Period pain; managing it and when to seek help for your pain
Period pain is pain that occurs just before or during a menstrual period. More than half of women who menstruate report some pain from period cramps each month. Period pain can be so bad that doctors have actually given it a medical name: dysmenorrhea. Here follows valuable information on period pain; managing it and when to seek help for your pain.
Period pain effects
Every person’s experience of period pain is different, but it can cause:
- a cramping sensation in the abdomen
- burning pain in the abdomen
- pain that may feel like trapped gas
- pain that radiates to the back, hips, or legs
Some people also experience digestive symptoms alongside period pain, such as:
- nausea or vomiting
Can you heal period pain with home remedies?
Most of the time, menstrual cramps can be treated by women at home.
But if your pain is severe and impacts your lifestyle, don’t be afraid to talk to your healthcare provider.
Safe and effective home remedies for menstrual cramp relief, include:
- Try some yoga poses to ease menstrual pain
- Curl up with a heating pad to ease period cramps
- Acupuncture may help by relaxing the nervous system
- Some herbal tea varieties can calm cramping
- Up the magnesium in your diet
- Massage with essential oils for pain relief
- Boost those feel-good endorphins with exercise (or orgasm)
- Improving your diet may alleviate period cramps
Period pain; managing it and when to seek help: Other approaches
Some approaches that may reduce or help prevent dysmenorrhea include:
- Rest and stress reduction
- Birth control
- Managing underlying conditions
Foods to eat during your period to manage period pain
- Water – Staying hydrated can reduce your chances of getting dehydration headaches, a common symptom of menstruation.
- Fruit – Water-rich fruits are great for staying hydrated. Sweet fruits can help you curb your sugar cravings.
- Leafy green vegetables – It’s common to experience a dip in your iron levels during your period. Leafy green vegetables can boost your iron levels.
- Ginger – Ginger has anti-inflammatory effects, which can soothe achy muscles. Ginger may also reduce nausea.
- Turmeric – Turmeric is known as an anti-inflammatory spice.
- Dark chocolate – A tasty and beneficial snack, dark chocolate is rich in iron and magnesium.
- Nuts – Most nuts are rich in omega-3 fatty acids, and they’re a great source of protein. They also contain magnesium and various vitamins.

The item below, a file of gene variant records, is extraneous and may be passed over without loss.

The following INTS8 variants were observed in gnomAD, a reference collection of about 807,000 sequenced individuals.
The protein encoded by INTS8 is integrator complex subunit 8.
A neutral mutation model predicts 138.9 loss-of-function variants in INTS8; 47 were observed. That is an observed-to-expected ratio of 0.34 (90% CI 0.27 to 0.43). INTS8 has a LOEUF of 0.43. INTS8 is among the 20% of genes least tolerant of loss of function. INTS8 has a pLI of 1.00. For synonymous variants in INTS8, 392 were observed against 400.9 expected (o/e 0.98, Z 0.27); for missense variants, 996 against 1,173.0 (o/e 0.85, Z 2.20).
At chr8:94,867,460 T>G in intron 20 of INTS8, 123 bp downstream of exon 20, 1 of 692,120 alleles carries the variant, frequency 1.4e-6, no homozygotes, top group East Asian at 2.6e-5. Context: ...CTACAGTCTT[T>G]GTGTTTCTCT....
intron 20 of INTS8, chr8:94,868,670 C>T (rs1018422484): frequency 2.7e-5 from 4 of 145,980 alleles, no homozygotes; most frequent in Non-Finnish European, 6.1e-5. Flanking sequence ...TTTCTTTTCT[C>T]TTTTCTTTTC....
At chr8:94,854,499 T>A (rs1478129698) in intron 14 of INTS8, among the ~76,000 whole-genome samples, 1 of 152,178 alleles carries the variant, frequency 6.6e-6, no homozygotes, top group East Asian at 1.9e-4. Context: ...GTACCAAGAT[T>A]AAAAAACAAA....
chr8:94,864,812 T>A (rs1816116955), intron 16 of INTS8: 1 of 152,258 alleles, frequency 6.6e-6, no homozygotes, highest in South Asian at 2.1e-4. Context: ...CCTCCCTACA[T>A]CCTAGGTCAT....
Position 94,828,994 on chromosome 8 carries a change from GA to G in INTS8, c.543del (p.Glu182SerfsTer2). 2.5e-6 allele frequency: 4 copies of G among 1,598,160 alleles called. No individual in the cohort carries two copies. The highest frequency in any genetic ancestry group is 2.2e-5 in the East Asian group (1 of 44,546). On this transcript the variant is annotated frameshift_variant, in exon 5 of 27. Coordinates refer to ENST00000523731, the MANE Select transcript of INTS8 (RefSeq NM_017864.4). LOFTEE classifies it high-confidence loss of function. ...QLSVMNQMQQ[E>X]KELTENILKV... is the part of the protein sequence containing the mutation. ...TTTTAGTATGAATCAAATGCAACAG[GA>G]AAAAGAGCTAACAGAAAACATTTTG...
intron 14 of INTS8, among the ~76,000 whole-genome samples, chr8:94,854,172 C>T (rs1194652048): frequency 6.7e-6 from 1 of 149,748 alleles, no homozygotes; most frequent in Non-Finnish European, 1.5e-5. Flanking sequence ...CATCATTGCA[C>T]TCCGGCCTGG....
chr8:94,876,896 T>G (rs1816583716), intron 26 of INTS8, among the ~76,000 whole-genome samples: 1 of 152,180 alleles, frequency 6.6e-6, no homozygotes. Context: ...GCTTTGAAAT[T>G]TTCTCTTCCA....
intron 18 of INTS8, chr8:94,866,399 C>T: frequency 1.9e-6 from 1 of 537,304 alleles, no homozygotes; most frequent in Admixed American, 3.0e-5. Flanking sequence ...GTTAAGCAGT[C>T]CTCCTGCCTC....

- Flaxseed oil – Every 15 milliliters of flaxseed oil contains 7,195 milligrams of omega-3 fatty acids
- Quinoa – Quinoa is rich in nutrients such as iron, protein, and magnesium.
- Peppermint tea – It can relieve menstrual cramps, nausea and diarrhoea.
Foods to avoid to manage period pain
- Salt – Consuming lots of salt leads to water retention, which can result in bloating.
- Sugar – It’s okay to have sugar in moderation, but eating too much of it can cause a spike in energy followed by a crash.
- Coffee – Caffeine can cause water retention and bloating.
- Alcohol – Alcohol can have a number of negative effects on your body, which can exacerbate the symptoms of your period.
- Spicy foods – Many people find that spicy foods upset their stomachs, giving them diarrhoea, stomach pain, and even nausea.
Period pain: When to seek help
While mild period pain is common, nobody should have to endure severe or debilitating pain. A person should speak with a doctor if:
- their periods become much heavier or more painful than normal
- their periods frequently cause them to miss work or school
- over-the-counter pain medications do not work
People should also speak with a doctor if they have painful periods along with other symptoms, such as:
- pain during or after sex
- bleeding between periods
- frequent need to urinate
- bad-smelling or grey discharge
Bad cramps keep some women from working and going to school. You don’t have to suffer and you don’t have to put your life on hold. Speak to the team at your nearest The Local Choice Pharmacy. We are here for you!
Disclaimer: All content on the The Local Choice Pharmacy is created and published online for informational purposes only. It does not serve as a substitute for professional medical advice and should not be relied on as health advice.